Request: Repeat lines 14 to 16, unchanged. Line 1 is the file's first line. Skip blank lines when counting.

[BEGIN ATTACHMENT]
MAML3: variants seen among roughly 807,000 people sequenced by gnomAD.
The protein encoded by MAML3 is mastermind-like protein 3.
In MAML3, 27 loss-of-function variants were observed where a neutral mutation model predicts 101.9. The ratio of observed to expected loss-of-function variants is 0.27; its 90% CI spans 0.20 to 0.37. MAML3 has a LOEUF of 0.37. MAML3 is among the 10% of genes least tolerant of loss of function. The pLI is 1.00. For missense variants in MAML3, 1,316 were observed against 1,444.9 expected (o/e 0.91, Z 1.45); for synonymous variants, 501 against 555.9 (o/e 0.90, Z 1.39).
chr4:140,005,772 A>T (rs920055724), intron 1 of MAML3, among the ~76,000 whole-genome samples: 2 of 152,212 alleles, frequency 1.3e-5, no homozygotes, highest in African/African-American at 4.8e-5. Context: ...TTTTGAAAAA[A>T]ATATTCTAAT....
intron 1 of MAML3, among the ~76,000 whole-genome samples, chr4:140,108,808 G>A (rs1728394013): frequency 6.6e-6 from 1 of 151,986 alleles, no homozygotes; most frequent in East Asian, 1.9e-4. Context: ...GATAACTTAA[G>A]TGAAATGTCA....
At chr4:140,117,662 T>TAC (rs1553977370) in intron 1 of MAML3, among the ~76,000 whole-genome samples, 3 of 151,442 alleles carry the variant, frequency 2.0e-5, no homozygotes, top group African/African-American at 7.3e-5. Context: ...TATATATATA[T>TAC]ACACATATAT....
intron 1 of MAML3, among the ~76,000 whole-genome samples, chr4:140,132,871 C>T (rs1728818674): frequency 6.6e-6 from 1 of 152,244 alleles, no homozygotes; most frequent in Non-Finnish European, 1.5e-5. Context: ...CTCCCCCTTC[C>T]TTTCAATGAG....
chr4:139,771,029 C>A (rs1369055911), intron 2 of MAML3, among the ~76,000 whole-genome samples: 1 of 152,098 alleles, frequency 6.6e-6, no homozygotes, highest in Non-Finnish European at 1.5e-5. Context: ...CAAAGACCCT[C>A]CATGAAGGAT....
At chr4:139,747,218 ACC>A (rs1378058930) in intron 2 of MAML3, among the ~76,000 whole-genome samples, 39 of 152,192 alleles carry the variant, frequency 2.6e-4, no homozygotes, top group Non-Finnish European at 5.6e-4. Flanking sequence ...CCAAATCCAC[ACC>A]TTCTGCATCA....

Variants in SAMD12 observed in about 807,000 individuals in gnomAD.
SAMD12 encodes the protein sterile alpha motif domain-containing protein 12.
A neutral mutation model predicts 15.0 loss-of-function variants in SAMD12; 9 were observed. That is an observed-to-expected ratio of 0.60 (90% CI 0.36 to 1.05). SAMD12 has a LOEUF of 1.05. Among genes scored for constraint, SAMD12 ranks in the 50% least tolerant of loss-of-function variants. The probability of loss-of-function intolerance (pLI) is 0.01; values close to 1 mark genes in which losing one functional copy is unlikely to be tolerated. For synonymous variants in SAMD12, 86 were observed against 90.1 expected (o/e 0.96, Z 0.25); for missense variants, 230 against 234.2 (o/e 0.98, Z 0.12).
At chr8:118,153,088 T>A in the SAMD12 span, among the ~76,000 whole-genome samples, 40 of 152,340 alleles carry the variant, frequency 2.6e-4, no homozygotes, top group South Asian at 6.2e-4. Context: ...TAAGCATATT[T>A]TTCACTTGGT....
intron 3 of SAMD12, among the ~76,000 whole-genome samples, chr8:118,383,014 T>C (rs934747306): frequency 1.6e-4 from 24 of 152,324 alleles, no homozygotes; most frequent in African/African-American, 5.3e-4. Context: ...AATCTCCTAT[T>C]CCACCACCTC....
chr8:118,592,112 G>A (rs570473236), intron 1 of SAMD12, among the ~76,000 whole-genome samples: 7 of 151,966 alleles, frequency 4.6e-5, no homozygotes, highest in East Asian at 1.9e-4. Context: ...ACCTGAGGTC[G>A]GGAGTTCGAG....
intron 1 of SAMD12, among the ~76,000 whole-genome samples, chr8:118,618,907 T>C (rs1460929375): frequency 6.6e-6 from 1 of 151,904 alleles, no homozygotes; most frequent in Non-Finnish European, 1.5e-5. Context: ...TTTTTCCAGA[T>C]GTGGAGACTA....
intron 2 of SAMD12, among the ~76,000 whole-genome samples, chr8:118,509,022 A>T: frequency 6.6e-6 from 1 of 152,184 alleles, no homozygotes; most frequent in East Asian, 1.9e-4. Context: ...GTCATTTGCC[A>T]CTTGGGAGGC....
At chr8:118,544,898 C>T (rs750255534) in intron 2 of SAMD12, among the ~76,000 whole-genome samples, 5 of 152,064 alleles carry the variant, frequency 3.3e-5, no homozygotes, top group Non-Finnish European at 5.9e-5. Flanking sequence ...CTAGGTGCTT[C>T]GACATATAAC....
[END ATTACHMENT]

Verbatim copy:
intron 3 of SAMD12, among the ~76,000 whole-genome samples, chr8:118,383,014 T>C (rs934747306): frequency 1.6e-4 from 24 of 152,324 alleles, no homozygotes; most frequent in African/African-American, 5.3e-4. Context: ...AATCTCCTAT[T>C]CCACCACCTC....
chr8:118,592,112 G>A (rs570473236), intron 1 of SAMD12, among the ~76,000 whole-genome samples: 7 of 151,966 alleles, frequency 4.6e-5, no homozygotes, highest in East Asian at 1.9e-4. Context: ...ACCTGAGGTC[G>A]GGAGTTCGAG....
intron 1 of SAMD12, among the ~76,000 whole-genome samples, chr8:118,618,907 T>C (rs1460929375): frequency 6.6e-6 from 1 of 151,904 alleles, no homozygotes; most frequent in Non-Finnish European, 1.5e-5. Context: ...TTTTTCCAGA[T>C]GTGGAGACTA....